The Kindness Of Strangers: Volume 1…

Remember meeting Daniel when you read his interview? Well he’s only gone and written his first post for us! Read on for his hilarious ramblings about the day everything went to shit, only to be helped out from the pit of despair he was wallowing in by a kind stranger…

The other day I was the recipient of some really good fortune. Some greying, beardy fellow upstairs was working overtime to ensure that, despite displaying clinical stupidity, I did not lose my wallet on a bus. As a result of the kindness of one stranger I have been prompted to think about all the times in my life abroad when I have been at the faeces-free end of that grubby, grubby stick.

In short, I got too excited after having discovered a new route home. I have just started my final year of a Masters and since the end of last year, I have moved. This was my first day back. I was excited. I had purchased new folders. My rucksack was FRESH. And upon discovering a new and substantially quicker way home, I lost myself. And nearly my wallet.

What ensued was a cross-city bus chase that took as its actors, me, two buses, a bemused but friendly man on the other end of the phone and 30 minutes of my life. Never before have I felt so pleased to live in Hong Kong, a place famed for its high population density but efficient public transport system. I feel that I must come clean and make an admission: I love transport. My first word was ‘bus’ and I have always enjoyed buses, trams, trains, planes you name it, I’ll be transported by it. So what follows was akin to being punched in the face by your favourite pet…


Image taken by Daniel Bartholomew

Anyway, I disembarked, immediately realised that I had left the wallet on the seat, slapped all available pockets multiple times as if performing a Georgian mating dance, panicked, forgot to regulate my breathing, and then something remarkable happened.

Blissfully unaware of the caricature I had become on the pavement by the bus-stop, a stranger intuited my problem and approached me with a single $10 coin in his hand. This is about 80p. He said this is all he had but that I should take it. Now I’m never one to look a gift horse in the mouth and so I accepted and said thank you. Still, I was not entirely sure what good it would do me as it was at least $20 to get home. And I would still be without a wallet.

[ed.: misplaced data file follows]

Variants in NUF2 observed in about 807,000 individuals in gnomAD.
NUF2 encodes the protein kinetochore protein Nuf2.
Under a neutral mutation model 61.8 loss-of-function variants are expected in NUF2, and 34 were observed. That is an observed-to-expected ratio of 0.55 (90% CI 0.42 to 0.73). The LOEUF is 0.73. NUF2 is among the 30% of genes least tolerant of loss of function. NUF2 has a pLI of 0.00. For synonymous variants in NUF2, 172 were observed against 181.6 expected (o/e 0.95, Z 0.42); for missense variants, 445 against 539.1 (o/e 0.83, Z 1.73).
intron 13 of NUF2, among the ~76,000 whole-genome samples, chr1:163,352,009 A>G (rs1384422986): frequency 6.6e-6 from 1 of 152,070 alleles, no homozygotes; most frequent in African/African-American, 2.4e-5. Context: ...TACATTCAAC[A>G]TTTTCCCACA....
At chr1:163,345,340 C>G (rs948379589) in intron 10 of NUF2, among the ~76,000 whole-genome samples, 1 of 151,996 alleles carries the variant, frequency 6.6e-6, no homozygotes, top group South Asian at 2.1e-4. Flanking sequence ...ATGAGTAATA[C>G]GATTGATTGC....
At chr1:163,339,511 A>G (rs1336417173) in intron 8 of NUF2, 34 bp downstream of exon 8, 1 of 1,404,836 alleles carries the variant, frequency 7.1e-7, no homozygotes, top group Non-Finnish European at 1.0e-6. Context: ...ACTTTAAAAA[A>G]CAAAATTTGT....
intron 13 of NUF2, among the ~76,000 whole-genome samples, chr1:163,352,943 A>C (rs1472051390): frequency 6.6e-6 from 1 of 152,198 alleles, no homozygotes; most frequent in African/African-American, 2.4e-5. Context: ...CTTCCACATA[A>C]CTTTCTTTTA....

I am not ashamed to say that I dithered for a bit. But this, and the stranger’s intervention, proved to be the best thing that could have happened. The bus that pulled in was not just the same route as the motorised thief that was thundering away into the distance carrying my worldly presence, but the EXPRESS version. The one thing I love more than transport, is EXPRESS transport.


Image taken by Daniel Bartholomew

With a Gallic shrug and a faint film narrative in mind, I took a punt and got on. It was $7. They terminated at the same place. 5 minutes had elapsed since Bus Zero had departed. The chase began.

All that needed to happen now was for me to somehow alert someone at the terminus that I’M ON MY WAY, and PLEASE BE KIND.

I didn’t have a contingency either and Hong Kong buses are not the sort to give change. I had, quite literally gambled everything on route 970X. After 20 minutes of frantically gripping onto the bar of the upper deck window, with wild eyes and a clenched jaw, I saw that we were behind the Bus of Plenty and the back end of a bus had never looked so good, sitting there buzzing away as if teasing me with its bluff behind.

Do I get out at the lights, make a dash and try and jump on the first one? What if the lights change, 4 lanes of traffic kick off and I’m stranded in the middle like Rihanna in Shut up and Drive. I stayed put, holding both myself and my bum cheeks together. Just.

After arriving at the terminus, which, naturally was in an abandoned housing estate, I emerged from the bus like a Selfridges had just opened on Boxing Day. 4 surly drivers were loitering and smoking and judging me. They were also helpful, and they all pointed towards what looked like a glorified port-a-loo. It was there. I was safe and I gibbered my thanks to the bemused man who was diligently logging the contents into a ledger which in turn prevented me from logging some contents of my own.

Although not the first time that my fortunes have been altered by one small gesture, it was the first that prompted me to realise just how many of my experiences abroad have been graced by chance. Come back soon to see where the Kindness of Strangers takes me next…

hong kong

Image taken by Daniel Bartholomew

Want more Dan in your life before his next installment? Then go and check him out on Instagram and Twitter!

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